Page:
NACS published that the average size of a US Convenience Store is 2,812-square feet. This is up from 2,777-square feet in 2010. The traditional, expanded, and hyper stores now will offer (besides the standard packages items) fresh fruit and vegetables, fresh baked goods and other soft merchandise sales. On average, convenience stores typical carry around 2,900 SKUs (stock keeping units). SKUs are the total number of individual product lines that are in a store for sales and any given time.


How is the industry doing?


It depends on who you are. This is an industry that was under significant pressure in the early and mid 2000's. Some entities have evolved to lead the industry, while some become more obsolete as each year passes. According to IBISWorld, the industry "has experienced volatility over the five years to 2018 . . .Drastic declines in the world price of crude oil throughout most of the period led industry revenue to fall until 2016. In particular, the world price of crude oil tumbled an estimated 47.2% in 2015. Although the world price of crude oil has since returned to growth, boosting industry revenue, gains have not been substantial enough to completely counteract the declines experienced prior to 2017. As a result, industry revenue is projected to decline at an annualized rate of 1.9% to $419.2 billion over the five years to 2018," [1].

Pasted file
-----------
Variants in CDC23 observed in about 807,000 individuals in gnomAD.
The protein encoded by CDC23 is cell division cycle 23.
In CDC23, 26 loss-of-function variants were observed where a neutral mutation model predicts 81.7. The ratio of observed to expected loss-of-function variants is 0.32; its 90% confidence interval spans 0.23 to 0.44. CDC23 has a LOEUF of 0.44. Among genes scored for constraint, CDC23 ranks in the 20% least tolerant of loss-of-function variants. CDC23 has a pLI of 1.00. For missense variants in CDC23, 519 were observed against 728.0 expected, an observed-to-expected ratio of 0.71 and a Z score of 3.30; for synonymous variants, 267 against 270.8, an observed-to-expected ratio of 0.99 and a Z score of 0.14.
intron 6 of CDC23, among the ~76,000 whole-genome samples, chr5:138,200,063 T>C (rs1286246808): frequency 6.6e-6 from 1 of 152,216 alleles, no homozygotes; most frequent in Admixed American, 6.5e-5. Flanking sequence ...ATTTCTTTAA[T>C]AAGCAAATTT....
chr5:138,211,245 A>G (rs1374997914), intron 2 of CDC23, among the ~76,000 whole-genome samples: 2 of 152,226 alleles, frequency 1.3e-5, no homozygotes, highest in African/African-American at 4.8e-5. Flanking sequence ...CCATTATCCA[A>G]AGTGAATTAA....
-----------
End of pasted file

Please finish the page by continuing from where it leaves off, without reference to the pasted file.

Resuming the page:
The U.S. convenience store industry has 153,000+ stores that account for more than $650 billion in total sales, according to NCAS. In the United States, the convenience store count dipped for the first time since 2010. In 2018, convenience stores sold the majority of gasoline (80%) purchased in the country.


U.S. Convenience Store Count, according to the NACS:


(as of 12/31/18)